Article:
EU countries are targeting wood in their building programmes. For example, in France, President Emmanuel Macron aims to ensure that all future public buildings will be constructed using at least 50% timber or other renewable materials.

    The need to reduce dependence on fossil-based materials is urgent, as the manufacture of steel, concrete, and brick, which accounts for about 16% of global fossil fuel consumption, increases to up to 30% when transport and assembly are added.

    EU member states currently addressing the role of wood in construction and energy are engaging in cross sectoral and cross-government department conversations between agriculture, forestry, housing, environment and energy. This conversation has yet to begin in Ireland.

    Woodland festival in Clonalis Estate, Castlerea

    Clonalis House.

    The second Woodland Festival will take place this year in Clonalis Estate, Castlerea, Co Roscommon, on August 28. The inaugural festival took place three years ago, but since then Covid-19 intervened.

    “As soon as the restrictions were lifted in 2021, we began planning this year’s event in the magnificent 280ha mixed woodland and farmland of Clonalis Estate,” says Marina Conway, CEO of Western Forestry Co-op.

    Richard and Carol-Anne O’Connor Nash of Clonalis Estate are looking forward to the Woodland Festival 2022.

    “The event, hosted by Western Forestry, will celebrate all that’s good about trees and woodlands, and a time for people to engage and learn from the woods and its biodiversity,” they say.

    “The theme is the same as the hugely successful festival in Killegar Wood, Co Leitrim, but the festival is expanding its range of events,” maintains Conway. This year, a wider range of topics and events will be covered, including:

  • Woodland demonstrations – including timber harvesting, crop improvement, high pruning, small scale timber extraction and sawmilling, tree planting and wood chipping.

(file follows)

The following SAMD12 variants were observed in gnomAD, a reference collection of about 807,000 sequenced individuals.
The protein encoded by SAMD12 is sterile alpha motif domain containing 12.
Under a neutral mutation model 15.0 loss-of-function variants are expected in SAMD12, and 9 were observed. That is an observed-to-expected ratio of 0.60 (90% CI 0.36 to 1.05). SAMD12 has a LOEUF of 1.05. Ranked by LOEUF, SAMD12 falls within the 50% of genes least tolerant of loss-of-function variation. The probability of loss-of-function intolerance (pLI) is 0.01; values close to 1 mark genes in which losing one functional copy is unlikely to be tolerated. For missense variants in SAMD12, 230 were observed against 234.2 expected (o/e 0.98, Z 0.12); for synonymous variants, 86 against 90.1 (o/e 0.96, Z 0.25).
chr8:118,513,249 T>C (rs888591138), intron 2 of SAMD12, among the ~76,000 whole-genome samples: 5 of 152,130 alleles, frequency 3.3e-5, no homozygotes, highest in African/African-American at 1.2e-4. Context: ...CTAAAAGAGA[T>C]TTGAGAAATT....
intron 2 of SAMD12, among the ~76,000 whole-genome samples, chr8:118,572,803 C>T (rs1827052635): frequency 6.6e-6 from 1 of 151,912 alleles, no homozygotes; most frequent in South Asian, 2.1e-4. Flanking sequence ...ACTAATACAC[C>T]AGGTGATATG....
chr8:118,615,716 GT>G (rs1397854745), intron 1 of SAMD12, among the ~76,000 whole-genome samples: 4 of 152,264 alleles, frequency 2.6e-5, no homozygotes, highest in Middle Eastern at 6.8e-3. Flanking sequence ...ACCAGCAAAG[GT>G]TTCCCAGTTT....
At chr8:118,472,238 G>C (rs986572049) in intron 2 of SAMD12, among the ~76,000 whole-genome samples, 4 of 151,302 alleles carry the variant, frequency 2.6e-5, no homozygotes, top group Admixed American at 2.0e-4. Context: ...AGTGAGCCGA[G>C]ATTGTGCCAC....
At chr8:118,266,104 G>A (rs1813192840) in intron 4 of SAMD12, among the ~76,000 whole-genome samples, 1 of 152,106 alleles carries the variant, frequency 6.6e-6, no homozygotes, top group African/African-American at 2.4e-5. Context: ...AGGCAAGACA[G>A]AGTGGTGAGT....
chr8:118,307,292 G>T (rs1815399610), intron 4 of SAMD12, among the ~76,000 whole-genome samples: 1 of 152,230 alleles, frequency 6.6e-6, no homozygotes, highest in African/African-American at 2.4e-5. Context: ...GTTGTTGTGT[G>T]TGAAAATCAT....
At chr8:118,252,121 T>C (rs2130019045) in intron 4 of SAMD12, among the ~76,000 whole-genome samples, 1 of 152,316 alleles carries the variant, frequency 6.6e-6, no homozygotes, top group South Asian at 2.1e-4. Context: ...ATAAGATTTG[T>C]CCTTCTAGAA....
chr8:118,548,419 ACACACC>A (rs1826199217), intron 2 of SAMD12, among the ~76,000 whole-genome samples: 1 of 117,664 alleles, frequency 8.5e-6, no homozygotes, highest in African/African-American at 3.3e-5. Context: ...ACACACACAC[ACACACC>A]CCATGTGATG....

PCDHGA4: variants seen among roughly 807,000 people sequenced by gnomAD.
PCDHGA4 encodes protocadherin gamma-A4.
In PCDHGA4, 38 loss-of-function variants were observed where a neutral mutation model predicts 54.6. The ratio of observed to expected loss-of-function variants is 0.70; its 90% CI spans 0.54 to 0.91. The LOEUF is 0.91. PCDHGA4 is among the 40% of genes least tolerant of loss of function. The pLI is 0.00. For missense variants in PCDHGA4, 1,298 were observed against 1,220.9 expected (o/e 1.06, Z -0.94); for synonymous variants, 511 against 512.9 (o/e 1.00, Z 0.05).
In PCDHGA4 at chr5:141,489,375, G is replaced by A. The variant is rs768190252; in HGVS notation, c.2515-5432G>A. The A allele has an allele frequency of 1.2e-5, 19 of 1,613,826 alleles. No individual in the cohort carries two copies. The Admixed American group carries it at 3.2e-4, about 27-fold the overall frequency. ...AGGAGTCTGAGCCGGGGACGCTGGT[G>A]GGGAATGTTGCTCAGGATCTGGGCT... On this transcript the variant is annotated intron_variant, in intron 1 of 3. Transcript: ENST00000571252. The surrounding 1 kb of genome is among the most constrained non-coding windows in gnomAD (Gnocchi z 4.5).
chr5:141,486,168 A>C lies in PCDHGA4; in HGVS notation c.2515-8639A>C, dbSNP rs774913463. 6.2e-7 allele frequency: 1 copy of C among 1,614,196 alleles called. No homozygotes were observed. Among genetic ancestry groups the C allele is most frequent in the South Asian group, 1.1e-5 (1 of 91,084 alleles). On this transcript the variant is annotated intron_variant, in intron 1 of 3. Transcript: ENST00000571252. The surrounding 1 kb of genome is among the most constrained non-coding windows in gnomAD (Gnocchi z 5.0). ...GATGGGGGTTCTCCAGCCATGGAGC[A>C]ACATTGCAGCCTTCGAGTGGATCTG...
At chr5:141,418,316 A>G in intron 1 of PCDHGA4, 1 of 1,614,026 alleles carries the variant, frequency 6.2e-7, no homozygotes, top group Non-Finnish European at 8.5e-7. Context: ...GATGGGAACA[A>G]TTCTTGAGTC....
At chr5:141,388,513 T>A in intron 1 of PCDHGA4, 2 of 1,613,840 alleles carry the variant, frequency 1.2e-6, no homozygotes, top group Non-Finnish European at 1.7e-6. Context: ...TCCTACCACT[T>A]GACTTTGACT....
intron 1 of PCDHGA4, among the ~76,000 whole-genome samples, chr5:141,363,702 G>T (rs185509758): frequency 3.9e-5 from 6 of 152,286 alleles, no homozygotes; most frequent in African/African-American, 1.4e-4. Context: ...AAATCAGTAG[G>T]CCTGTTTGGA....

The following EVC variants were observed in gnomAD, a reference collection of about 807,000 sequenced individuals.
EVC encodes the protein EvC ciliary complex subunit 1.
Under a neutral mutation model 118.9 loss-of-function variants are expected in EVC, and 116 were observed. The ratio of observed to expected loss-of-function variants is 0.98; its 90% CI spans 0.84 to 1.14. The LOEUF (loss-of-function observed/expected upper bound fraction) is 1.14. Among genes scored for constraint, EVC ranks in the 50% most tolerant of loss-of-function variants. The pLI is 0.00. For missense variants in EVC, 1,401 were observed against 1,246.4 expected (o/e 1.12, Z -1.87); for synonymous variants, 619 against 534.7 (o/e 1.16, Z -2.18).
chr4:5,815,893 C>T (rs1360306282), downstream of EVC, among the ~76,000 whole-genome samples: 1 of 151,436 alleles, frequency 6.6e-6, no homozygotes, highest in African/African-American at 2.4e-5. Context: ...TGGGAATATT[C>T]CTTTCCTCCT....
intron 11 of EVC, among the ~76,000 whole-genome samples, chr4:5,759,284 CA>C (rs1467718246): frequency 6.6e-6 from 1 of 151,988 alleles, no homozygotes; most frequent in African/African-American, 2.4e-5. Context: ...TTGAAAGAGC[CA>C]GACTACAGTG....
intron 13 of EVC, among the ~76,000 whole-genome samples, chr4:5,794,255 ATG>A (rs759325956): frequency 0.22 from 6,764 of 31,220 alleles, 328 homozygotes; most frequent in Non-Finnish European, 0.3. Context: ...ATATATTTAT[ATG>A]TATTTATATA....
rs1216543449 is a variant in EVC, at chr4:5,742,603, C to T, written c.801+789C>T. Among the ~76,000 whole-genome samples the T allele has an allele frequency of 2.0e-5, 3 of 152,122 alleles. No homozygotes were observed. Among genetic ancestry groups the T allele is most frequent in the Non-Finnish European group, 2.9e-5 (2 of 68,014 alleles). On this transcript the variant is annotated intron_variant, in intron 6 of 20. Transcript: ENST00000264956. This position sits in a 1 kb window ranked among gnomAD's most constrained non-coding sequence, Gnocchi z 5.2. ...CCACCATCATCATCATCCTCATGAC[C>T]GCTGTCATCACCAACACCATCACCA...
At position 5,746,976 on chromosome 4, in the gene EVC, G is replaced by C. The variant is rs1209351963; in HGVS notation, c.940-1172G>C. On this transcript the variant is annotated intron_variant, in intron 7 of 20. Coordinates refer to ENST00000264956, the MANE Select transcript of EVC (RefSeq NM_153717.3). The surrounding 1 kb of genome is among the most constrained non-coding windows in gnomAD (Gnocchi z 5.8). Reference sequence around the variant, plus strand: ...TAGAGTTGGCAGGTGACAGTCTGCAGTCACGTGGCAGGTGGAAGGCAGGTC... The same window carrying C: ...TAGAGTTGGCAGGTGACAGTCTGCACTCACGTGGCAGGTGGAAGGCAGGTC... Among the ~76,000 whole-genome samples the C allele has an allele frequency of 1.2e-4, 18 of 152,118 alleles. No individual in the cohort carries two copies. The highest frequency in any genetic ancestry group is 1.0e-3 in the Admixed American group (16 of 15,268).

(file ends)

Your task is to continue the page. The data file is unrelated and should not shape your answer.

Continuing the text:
• Woodland crafts – wood turning, basket weaving, chainsaw carving and charcoal making.
  • Furniture and wood-based businesses – showcasing home-grown wood use including fencing, furniture and wood energy.
  • Woodland walks – tree identification, forest mycology and ecology and forest medicine.
  • Timber tasks – chainsaw sharpening and maintenance.
  • Woodland talks – history of Clonalis Estate, native woodland management, forest certification, engineered wood, continuous cover forestry, woodland taxation and forestry as a career.
  • “The festival will also have an Irish Wood Marquee dedicated to innovation in building with wood, furniture making, door manufacturing and wood fuel,” says Conway.

    “It really is a fun day for all the family to enjoy and includes archery, face painting and children’s crafts, storytelling in the woods, music and items on birds of prey and beekeeping.”

    In addition to Western Forestry Co-op, the event is supported by the Department of Agriculture, Food and the Marine and Masonite Ireland. It is a non-ticketed event, with a €10 charge for car parking on the site outside Castlerea. The festival site will be well signposted.

    For more information, check out www.woodlandfestival.ie, www.facebook.com/westernforestrycoop.ie/ or call 071-916 1458.